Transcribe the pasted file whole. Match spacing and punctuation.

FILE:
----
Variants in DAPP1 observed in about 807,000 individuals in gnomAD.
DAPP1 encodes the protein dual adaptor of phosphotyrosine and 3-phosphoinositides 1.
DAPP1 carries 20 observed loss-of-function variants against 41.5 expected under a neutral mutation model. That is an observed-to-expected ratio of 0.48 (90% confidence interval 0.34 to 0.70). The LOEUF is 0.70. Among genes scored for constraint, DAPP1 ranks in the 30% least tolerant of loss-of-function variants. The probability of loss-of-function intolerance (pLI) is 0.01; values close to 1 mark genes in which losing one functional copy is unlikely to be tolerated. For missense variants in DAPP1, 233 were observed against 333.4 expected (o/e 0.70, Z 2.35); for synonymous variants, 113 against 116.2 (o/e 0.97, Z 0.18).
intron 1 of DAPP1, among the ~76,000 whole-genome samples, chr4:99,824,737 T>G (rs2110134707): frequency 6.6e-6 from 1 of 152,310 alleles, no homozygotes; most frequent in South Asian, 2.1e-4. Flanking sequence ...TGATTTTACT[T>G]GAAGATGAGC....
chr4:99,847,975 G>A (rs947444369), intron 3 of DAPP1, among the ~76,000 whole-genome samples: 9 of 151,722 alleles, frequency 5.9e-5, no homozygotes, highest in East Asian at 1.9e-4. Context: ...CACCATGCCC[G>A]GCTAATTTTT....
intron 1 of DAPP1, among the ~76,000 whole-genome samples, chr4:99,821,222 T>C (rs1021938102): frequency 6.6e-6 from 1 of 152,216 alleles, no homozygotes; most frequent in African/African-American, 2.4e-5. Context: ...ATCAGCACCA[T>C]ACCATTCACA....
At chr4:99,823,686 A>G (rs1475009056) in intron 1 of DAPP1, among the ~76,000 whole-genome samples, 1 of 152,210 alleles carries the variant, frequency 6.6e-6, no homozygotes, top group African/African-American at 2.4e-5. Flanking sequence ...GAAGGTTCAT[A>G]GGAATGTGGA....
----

Variants in DAPP1 observed in about 807,000 individuals in gnomAD.
DAPP1 encodes the protein dual adaptor of phosphotyrosine and 3-phosphoinositides 1.
DAPP1 carries 20 observed loss-of-function variants against 41.5 expected under a neutral mutation model. That is an observed-to-expected ratio of 0.48 (90% confidence interval 0.34 to 0.70). The LOEUF is 0.70. Among genes scored for constraint, DAPP1 ranks in the 30% least tolerant of loss-of-function variants. The probability of loss-of-function intolerance (pLI) is 0.01; values close to 1 mark genes in which losing one functional copy is unlikely to be tolerated. For missense variants in DAPP1, 233 were observed against 333.4 expected (o/e 0.70, Z 2.35); for synonymous variants, 113 against 116.2 (o/e 0.97, Z 0.18).
intron 1 of DAPP1, among the ~76,000 whole-genome samples, chr4:99,824,737 T>G (rs2110134707): frequency 6.6e-6 from 1 of 152,310 alleles, no homozygotes; most frequent in South Asian, 2.1e-4. Flanking sequence ...TGATTTTACT[T>G]GAAGATGAGC....
chr4:99,847,975 G>A (rs947444369), intron 3 of DAPP1, among the ~76,000 whole-genome samples: 9 of 151,722 alleles, frequency 5.9e-5, no homozygotes, highest in East Asian at 1.9e-4. Context: ...CACCATGCCC[G>A]GCTAATTTTT....
intron 1 of DAPP1, among the ~76,000 whole-genome samples, chr4:99,821,222 T>C (rs1021938102): frequency 6.6e-6 from 1 of 152,216 alleles, no homozygotes; most frequent in African/African-American, 2.4e-5. Context: ...ATCAGCACCA[T>C]ACCATTCACA....
At chr4:99,823,686 A>G (rs1475009056) in intron 1 of DAPP1, among the ~76,000 whole-genome samples, 1 of 152,210 alleles carries the variant, frequency 6.6e-6, no homozygotes, top group African/African-American at 2.4e-5. Flanking sequence ...GAAGGTTCAT[A>G]GGAATGTGGA....